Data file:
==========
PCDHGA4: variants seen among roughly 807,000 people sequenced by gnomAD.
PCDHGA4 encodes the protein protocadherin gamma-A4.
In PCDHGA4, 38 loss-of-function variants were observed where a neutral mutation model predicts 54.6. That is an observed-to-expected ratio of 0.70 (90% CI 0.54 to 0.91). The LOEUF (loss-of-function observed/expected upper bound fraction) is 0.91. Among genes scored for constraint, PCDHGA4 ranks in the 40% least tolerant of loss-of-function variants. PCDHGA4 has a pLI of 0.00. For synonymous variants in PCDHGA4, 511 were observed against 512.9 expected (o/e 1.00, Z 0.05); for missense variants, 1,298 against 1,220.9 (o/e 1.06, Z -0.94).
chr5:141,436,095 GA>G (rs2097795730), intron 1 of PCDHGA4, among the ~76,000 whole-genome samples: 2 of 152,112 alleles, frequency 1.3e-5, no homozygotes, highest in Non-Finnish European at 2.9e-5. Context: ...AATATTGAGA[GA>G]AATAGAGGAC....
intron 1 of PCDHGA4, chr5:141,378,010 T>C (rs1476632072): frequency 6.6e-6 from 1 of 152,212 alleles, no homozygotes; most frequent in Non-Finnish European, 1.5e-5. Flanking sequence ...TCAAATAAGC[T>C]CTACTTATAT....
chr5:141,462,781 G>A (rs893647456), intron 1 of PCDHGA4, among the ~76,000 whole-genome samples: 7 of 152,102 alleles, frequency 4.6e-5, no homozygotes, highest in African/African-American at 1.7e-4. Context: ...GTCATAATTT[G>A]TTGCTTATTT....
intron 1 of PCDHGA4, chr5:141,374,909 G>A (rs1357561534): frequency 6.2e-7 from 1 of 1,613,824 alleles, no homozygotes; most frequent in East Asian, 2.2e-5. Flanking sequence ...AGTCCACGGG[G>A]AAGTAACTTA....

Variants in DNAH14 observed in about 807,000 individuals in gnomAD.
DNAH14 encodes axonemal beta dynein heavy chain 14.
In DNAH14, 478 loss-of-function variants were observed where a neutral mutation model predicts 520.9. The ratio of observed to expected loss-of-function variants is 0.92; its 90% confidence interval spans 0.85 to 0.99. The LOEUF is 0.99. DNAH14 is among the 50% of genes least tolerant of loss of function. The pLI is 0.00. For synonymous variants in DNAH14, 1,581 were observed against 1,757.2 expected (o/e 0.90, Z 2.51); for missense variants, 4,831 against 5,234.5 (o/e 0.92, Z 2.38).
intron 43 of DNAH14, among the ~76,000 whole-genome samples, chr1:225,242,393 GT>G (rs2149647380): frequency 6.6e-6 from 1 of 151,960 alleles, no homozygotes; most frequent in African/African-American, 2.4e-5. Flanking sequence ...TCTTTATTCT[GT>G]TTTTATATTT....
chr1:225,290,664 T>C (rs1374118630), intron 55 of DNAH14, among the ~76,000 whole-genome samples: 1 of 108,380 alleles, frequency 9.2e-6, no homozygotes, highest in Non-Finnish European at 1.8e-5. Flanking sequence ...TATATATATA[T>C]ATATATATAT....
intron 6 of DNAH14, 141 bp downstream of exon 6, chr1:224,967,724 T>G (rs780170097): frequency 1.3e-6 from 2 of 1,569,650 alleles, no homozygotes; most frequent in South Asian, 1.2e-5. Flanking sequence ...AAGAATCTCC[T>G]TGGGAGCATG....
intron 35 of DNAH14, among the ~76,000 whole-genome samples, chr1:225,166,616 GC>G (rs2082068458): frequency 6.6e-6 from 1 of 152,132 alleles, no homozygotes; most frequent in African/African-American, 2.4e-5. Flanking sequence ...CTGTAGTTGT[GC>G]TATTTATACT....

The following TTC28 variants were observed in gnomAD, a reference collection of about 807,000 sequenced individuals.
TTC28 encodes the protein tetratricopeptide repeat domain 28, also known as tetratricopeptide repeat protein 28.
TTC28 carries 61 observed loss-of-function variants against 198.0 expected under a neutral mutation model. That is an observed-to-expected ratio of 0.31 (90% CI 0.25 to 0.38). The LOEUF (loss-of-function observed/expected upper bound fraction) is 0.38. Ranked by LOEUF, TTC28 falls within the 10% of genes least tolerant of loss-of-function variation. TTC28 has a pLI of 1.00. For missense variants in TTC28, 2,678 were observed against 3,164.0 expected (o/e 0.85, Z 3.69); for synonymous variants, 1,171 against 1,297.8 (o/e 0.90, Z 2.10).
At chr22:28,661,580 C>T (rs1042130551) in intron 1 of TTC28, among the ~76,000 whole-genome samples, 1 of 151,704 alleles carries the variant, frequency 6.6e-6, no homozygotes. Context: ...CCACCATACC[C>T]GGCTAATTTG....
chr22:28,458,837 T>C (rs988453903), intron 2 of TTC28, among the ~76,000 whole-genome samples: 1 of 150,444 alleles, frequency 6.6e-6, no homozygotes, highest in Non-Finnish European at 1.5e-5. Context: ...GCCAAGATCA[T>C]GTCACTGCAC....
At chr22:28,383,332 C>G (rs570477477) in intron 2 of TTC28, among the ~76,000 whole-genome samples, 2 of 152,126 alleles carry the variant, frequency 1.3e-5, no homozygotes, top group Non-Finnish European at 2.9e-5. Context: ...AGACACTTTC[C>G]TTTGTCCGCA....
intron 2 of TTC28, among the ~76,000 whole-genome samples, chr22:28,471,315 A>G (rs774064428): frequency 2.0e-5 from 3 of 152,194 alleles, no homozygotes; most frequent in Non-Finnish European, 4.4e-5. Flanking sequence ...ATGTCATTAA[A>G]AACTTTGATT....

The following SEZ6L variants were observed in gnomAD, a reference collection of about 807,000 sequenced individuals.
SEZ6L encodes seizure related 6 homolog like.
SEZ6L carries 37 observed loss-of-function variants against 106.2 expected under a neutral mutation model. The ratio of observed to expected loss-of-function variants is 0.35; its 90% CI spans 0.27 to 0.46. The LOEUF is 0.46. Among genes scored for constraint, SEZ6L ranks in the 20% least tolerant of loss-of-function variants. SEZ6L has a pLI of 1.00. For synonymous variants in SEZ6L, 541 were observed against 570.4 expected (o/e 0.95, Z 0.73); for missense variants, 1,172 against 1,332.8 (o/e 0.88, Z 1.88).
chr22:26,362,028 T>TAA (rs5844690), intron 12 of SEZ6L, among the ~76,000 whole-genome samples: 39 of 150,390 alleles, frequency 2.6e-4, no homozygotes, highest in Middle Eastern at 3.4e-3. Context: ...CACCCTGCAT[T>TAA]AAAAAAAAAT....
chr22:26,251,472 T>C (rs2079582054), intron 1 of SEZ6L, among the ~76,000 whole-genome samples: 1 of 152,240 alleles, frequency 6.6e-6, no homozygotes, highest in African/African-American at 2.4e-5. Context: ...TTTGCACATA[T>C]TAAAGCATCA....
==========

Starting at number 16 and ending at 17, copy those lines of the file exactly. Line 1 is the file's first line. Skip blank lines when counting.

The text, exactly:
TTC28 encodes the protein tetratricopeptide repeat domain 28, also known as tetratricopeptide repeat protein 28.
TTC28 carries 61 observed loss-of-function variants against 198.0 expected under a neutral mutation model. That is an observed-to-expected ratio of 0.31 (90% CI 0.25 to 0.38). The LOEUF (loss-of-function observed/expected upper bound fraction) is 0.38. Ranked by LOEUF, TTC28 falls within the 10% of genes least tolerant of loss-of-function variation. TTC28 has a pLI of 1.00. For missense variants in TTC28, 2,678 were observed against 3,164.0 expected (o/e 0.85, Z 3.69); for synonymous variants, 1,171 against 1,297.8 (o/e 0.90, Z 2.10).